"We're all patients, there are no doctors, our meds ran out a long time ago and nobody loves us." - skyknight
[ Parent ]
I think you mean (none / 0) (#41)
by Zeram on Wed Apr 18, 2001 at 05:44:15 PM EST

that prevelant. I was making a joke BTW. I would probably personally estimate drug use by college students to be somewhere about 75-80%


<----^---->
Like Anime? In the Philly metro area? Welcome to the machine...
[ Parent ]
Way too high (none / 0) (#49)
by retinaburn on Thu Apr 19, 2001 at 10:47:11 AM EST

I would say maybe 50%, there is a lot of straight shooters out there. Besides it only matters the percentage convicted for this law.

I think that we are a young species that often fucks with things we don't know how to unfuck. -- Tycho


[ Parent ]
"control of your own thoughts" is oxymor (4.50 / 2) (#45)
by sayke on Wed Apr 18, 2001 at 08:07:33 PM EST

silly you, indeed.

you already aren't in control of your own thoughts. "you" are something your brain does, and what your brain does is determined by a million external factors... and you are not an external factor. if anything, "you" are the interaction between a million feedback loops.

i think losing the illusion of self-control, and the cartesien vitalism that it stems from, is probably one of the greatest benefits of drug use. there is no little man named "self" inside your head that watches what your eyes see, and pulls levers and flips switches to make your muscles move. on the contrary, your body is a beautiful, fascinating, absurdly complex machine, and it's function (and your definition of self!) can be tweaked, with interesting effects, in various ways. one of these is drug use.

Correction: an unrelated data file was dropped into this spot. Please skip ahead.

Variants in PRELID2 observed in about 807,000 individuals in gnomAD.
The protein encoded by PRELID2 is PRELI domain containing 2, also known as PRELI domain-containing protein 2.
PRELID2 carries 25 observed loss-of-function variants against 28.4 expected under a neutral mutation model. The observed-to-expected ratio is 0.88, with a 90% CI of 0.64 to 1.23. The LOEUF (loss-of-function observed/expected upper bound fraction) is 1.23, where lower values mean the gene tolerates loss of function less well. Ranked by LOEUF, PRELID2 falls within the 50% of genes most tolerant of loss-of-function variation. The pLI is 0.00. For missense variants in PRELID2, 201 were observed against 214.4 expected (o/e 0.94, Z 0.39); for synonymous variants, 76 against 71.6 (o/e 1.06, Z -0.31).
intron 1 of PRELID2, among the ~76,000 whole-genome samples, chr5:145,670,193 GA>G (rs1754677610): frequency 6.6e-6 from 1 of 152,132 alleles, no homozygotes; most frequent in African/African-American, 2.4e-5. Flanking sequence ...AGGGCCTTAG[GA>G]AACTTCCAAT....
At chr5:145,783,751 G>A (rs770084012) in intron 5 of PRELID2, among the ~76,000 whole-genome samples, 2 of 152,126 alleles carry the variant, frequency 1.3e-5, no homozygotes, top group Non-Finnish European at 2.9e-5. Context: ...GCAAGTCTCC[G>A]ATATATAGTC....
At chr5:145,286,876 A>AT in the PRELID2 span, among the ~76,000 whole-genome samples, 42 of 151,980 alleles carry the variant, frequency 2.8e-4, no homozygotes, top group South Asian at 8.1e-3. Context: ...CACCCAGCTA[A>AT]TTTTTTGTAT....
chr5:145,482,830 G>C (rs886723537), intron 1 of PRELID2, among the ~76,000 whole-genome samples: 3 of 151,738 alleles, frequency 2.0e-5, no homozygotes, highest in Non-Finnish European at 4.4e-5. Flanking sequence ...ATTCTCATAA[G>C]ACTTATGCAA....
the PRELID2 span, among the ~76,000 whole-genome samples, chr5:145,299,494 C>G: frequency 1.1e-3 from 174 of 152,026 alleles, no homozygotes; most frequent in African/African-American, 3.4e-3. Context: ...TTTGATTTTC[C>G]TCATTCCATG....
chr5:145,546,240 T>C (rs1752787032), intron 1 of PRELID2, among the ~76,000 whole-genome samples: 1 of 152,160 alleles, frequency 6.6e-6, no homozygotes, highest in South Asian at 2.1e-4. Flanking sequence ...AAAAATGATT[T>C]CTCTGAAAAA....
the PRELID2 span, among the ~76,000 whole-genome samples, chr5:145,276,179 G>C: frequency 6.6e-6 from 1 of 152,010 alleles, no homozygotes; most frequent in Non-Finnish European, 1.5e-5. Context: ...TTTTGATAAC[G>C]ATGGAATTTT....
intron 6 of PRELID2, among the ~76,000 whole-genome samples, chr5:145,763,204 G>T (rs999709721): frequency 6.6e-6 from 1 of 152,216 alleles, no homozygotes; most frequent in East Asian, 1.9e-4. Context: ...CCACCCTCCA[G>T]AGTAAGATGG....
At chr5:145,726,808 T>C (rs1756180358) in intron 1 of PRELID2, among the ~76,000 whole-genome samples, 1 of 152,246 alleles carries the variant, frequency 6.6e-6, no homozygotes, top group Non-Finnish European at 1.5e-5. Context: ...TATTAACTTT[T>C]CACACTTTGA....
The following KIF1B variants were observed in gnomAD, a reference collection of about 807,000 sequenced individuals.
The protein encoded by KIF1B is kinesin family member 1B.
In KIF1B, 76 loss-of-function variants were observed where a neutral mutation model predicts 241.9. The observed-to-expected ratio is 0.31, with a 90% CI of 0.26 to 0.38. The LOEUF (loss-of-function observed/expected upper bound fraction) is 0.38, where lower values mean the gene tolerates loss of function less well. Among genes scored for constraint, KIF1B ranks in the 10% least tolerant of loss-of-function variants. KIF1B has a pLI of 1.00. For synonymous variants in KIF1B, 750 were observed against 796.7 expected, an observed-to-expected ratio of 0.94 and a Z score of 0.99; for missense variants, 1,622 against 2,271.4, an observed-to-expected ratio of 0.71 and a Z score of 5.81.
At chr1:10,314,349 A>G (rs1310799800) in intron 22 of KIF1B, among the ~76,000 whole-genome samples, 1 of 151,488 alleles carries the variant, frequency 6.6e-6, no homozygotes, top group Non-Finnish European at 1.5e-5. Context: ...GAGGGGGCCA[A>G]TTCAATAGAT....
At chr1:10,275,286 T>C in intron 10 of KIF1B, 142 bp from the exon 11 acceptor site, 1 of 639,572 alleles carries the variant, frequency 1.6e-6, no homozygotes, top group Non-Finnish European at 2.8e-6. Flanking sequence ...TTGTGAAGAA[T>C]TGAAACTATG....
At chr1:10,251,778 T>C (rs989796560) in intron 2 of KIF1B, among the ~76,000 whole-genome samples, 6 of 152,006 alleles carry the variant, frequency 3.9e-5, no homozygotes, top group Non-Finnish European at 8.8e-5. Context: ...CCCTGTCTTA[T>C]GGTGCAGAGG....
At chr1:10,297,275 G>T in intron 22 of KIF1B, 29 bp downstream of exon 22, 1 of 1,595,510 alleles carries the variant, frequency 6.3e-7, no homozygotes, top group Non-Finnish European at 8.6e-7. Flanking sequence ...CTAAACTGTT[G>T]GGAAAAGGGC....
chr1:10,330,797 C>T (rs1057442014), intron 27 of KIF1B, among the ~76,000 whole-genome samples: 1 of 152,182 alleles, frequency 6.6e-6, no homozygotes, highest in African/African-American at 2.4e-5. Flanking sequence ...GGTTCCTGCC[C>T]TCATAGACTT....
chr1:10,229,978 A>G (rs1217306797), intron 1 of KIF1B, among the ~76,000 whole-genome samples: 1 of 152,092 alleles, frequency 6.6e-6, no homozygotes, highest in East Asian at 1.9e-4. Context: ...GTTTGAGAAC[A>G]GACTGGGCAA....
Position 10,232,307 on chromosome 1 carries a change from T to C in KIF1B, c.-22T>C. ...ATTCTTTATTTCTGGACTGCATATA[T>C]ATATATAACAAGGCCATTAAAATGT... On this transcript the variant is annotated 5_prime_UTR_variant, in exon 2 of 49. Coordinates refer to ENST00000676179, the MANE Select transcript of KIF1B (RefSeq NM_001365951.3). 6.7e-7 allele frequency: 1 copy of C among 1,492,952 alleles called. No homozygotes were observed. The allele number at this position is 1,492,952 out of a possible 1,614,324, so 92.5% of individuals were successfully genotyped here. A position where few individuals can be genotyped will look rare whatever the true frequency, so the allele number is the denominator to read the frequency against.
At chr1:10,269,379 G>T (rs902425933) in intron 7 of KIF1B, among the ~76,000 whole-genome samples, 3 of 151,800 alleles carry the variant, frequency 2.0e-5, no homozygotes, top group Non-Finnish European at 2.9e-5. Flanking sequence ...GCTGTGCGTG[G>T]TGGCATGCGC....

being afraid of doing permanent harm to one's body and mind is one thing, and may well be a reasonable objection to drug use. fearing unfamiliar experiences is another thing, but it may well be reasonable objection to drug use, too. desire to maintain a sense of control that's ultimately a counterproductive illusion, on the other hand, is just silly.


sayke, v2.3.1 /* i am the middle finger of the invisible hand */
[ Parent ]

This isn't new. (3.00 / 1) (#35)
by aphrael on Wed Apr 18, 2001 at 03:27:17 PM EST

When I started at UCSC ten years ago I had to sign, as a condition of student loans, a statement promising to not use drugs while recieving money from the loan.
<p>Not that I, or anyone else, let that keep us from using, of course.

Interesting absense. (3.00 / 1) (#47)
by squigly on Thu Apr 19, 2001 at 03:57:43 AM EST

So.. Was this the only condition that you don't commit an illegal act? Can you commit murder, theft, speeding, drunk driving, and genocide without it interefering with your education, or were these prohibited as well?

[ Parent ]
There was no specification (3.00 / 1) (#53)